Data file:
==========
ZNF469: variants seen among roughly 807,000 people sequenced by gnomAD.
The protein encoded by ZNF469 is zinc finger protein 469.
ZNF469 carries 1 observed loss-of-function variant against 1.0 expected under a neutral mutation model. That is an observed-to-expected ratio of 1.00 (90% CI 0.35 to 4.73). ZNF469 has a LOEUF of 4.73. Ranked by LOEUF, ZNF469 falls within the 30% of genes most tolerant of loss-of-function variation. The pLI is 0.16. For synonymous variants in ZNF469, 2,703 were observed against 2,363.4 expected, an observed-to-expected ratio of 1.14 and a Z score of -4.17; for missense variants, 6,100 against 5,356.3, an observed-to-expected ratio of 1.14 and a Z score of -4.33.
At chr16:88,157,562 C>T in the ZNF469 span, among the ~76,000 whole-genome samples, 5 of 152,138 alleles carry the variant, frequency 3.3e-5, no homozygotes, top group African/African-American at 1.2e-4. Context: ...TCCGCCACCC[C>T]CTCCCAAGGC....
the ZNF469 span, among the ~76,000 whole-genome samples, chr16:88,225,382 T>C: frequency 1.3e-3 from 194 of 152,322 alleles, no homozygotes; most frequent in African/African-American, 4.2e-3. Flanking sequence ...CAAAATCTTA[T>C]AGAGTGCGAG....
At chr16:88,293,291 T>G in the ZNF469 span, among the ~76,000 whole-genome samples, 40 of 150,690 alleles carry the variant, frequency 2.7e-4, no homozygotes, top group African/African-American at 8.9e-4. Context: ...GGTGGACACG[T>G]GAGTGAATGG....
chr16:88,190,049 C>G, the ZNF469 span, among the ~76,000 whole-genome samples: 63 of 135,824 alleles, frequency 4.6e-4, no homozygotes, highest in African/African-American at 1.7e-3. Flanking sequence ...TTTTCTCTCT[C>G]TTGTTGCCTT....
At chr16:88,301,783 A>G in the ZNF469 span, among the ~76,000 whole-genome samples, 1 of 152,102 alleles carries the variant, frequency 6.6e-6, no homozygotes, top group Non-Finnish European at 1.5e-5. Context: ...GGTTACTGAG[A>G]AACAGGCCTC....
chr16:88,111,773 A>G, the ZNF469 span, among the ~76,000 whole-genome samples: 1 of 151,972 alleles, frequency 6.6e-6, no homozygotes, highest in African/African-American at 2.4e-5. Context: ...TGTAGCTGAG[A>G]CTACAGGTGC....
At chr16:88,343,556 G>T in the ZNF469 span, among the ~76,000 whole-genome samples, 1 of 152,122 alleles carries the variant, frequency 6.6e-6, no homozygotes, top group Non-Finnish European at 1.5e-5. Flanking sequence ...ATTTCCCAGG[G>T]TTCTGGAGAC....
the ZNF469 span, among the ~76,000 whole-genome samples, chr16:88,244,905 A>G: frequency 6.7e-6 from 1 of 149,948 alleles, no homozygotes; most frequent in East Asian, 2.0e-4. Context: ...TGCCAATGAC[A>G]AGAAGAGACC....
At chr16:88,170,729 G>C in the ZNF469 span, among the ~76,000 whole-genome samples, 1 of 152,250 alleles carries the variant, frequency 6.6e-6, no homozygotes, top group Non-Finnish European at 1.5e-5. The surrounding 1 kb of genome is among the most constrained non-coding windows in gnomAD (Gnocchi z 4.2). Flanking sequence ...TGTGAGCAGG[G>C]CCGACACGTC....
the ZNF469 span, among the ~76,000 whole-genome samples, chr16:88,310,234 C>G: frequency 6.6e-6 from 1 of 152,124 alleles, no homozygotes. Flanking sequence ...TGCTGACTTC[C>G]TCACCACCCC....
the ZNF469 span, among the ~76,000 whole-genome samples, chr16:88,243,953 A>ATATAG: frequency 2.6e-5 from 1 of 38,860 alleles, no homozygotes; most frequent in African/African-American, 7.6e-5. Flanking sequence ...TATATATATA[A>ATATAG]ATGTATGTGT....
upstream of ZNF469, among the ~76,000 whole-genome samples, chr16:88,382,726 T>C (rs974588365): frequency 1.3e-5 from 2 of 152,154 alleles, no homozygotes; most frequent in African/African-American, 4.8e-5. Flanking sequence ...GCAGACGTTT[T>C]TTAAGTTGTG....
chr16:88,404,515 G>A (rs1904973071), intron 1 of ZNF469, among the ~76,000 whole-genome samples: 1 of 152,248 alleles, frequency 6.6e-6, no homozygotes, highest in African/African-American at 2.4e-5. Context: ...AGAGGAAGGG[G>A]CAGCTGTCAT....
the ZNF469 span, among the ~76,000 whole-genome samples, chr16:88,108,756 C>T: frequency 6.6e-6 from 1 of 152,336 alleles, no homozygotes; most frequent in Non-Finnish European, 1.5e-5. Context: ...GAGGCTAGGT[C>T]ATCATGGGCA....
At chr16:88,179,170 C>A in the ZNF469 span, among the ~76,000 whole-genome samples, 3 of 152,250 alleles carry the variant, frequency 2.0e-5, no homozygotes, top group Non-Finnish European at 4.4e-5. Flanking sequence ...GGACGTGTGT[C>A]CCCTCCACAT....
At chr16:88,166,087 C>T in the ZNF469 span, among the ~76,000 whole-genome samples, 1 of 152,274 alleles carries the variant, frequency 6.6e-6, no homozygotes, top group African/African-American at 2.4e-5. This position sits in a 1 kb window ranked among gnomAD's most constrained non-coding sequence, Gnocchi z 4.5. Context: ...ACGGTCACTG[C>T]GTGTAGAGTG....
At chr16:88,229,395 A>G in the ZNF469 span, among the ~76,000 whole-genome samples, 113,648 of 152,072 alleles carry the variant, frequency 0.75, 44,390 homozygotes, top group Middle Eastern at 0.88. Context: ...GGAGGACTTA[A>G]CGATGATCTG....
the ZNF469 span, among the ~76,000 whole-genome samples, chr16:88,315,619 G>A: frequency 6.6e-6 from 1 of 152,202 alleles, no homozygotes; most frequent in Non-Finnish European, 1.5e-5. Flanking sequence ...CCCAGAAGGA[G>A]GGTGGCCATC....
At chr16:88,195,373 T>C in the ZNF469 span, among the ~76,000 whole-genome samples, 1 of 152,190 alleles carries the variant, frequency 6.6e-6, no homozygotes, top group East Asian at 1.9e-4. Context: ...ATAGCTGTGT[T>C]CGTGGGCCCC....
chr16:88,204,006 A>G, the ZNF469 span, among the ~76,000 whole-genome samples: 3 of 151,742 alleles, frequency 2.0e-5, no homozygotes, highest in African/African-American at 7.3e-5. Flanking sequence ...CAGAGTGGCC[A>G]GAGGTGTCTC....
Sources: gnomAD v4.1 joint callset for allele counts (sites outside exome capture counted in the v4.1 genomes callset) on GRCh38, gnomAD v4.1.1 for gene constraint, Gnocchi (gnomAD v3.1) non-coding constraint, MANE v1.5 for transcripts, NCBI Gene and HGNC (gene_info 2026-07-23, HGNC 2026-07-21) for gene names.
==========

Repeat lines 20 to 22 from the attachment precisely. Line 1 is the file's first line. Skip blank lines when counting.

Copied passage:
At chr16:88,229,395 A>G in the ZNF469 span, among the ~76,000 whole-genome samples, 113,648 of 152,072 alleles carry the variant, frequency 0.75, 44,390 homozygotes, top group Middle Eastern at 0.88. Context: ...GGAGGACTTA[A>G]CGATGATCTG....
the ZNF469 span, among the ~76,000 whole-genome samples, chr16:88,315,619 G>A: frequency 6.6e-6 from 1 of 152,202 alleles, no homozygotes; most frequent in Non-Finnish European, 1.5e-5. Flanking sequence ...CCCAGAAGGA[G>A]GGTGGCCATC....
At chr16:88,195,373 T>C in the ZNF469 span, among the ~76,000 whole-genome samples, 1 of 152,190 alleles carries the variant, frequency 6.6e-6, no homozygotes, top group East Asian at 1.9e-4. Context: ...ATAGCTGTGT[T>C]CGTGGGCCCC....